Turning food waste into compost
Food waste has traditionally represented the end of the food chain. A new initiative hosted by Island Grown to turn scraps and leftovers once sent to landfills into nutrient-rich compost is focused on connecting to the beginning of the food chain.
Martha’s Vineyard ships all of its waste to New Bedford, including an estimated 6,500 tons of food waste per year. At the same time, about 40 farms and many landscapers on the island use compost shipped to the island. To keep food waste out of landfills and to make compost on the island, in June 2016 the Island-Wide Organics Feasibility Study began a pilot project to collect food waste. The project moved to Island Grown in January 2017.
The project began with six restaurants; it is now collecting food waste from 16 restaurants, one catering company, and three residential drop-off sites. Island Grown provides training to the staff at the collection sites about what can be composted and provides five-gallon buckets for indoor collection and large totes with bungee cords for outdoor storage. Island Grown collects the waste in a pickup truck and brings it to various island farms to be composted for later use on farms.
In its first 18 months of operation, the project collected more than 96 tons of food waste. When Island Grown switched to a fee-based system in January, staying competitive with trash-collector fees, all of the collection sites stayed with the program.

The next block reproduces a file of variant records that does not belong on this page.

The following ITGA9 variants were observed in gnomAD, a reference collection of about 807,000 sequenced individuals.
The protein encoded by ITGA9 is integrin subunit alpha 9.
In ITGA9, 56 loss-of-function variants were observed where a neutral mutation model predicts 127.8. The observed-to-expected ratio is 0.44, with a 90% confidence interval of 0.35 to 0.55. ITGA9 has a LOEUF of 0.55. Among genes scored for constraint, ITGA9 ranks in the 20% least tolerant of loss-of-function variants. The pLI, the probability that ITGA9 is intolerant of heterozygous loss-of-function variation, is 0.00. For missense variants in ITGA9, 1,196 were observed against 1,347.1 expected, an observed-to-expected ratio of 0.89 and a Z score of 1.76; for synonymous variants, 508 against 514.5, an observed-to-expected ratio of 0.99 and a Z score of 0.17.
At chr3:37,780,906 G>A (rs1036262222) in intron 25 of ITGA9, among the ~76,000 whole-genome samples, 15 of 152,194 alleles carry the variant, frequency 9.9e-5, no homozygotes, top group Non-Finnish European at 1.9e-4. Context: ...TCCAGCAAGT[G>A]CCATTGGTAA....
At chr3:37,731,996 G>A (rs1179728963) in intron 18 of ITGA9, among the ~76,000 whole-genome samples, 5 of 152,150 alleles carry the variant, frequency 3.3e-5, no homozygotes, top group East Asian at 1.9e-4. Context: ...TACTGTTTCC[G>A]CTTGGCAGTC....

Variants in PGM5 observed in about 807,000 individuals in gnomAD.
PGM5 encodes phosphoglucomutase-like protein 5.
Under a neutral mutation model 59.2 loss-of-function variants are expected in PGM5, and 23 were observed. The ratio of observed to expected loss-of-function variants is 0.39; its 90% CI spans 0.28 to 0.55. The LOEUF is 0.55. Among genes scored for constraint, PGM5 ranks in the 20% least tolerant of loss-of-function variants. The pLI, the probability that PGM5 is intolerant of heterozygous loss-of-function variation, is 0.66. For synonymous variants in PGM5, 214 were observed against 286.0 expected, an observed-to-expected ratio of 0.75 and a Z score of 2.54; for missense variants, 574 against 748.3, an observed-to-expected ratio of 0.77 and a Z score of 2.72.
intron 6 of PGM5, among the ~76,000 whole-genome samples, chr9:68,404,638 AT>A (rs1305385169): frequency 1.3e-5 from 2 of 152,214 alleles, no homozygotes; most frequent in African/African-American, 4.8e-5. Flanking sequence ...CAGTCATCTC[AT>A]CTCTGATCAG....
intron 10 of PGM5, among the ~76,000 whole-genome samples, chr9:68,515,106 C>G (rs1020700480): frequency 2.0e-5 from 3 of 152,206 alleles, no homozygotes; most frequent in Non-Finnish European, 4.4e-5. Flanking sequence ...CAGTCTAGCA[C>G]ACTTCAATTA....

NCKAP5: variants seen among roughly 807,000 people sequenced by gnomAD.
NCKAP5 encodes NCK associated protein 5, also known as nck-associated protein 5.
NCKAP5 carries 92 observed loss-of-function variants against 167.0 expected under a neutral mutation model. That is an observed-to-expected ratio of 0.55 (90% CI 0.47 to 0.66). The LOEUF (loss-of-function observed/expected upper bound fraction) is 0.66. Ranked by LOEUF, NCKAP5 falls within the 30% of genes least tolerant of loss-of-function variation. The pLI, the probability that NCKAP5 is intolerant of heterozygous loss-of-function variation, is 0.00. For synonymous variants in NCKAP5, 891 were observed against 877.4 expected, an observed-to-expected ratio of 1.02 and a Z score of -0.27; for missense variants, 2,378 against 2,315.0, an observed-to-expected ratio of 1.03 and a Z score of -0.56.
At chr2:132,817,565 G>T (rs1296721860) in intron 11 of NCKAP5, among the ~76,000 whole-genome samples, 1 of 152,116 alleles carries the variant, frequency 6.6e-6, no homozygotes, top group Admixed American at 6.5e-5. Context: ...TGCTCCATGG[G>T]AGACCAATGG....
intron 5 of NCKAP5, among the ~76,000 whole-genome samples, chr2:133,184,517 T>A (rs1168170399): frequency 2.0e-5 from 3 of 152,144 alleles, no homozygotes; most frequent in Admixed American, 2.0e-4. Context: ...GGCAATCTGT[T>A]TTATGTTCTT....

Island Grown wanted to demonstrate the demand for food-waste collection in hopes that waste haulers would see the commercial possibilities and take over collections from the nonprofit. However, before haulers are willing to change their model, they need a permanent place to take the waste. Currently, participating farms are overwhelmed, since tending the compost takes significant staff time, and seagulls have become a nuisance. Island Grown is advocating for the island to install a composting system within a vessel at one of the transfer stations.
“Dealing with food waste is a slow moving process—waste is complicated, and there are lots of players. However a promising amount of progress has been made in the last one and a half years,” says Food Equity and Recovery Director Sophie Abrams. “This is a fixable problem.”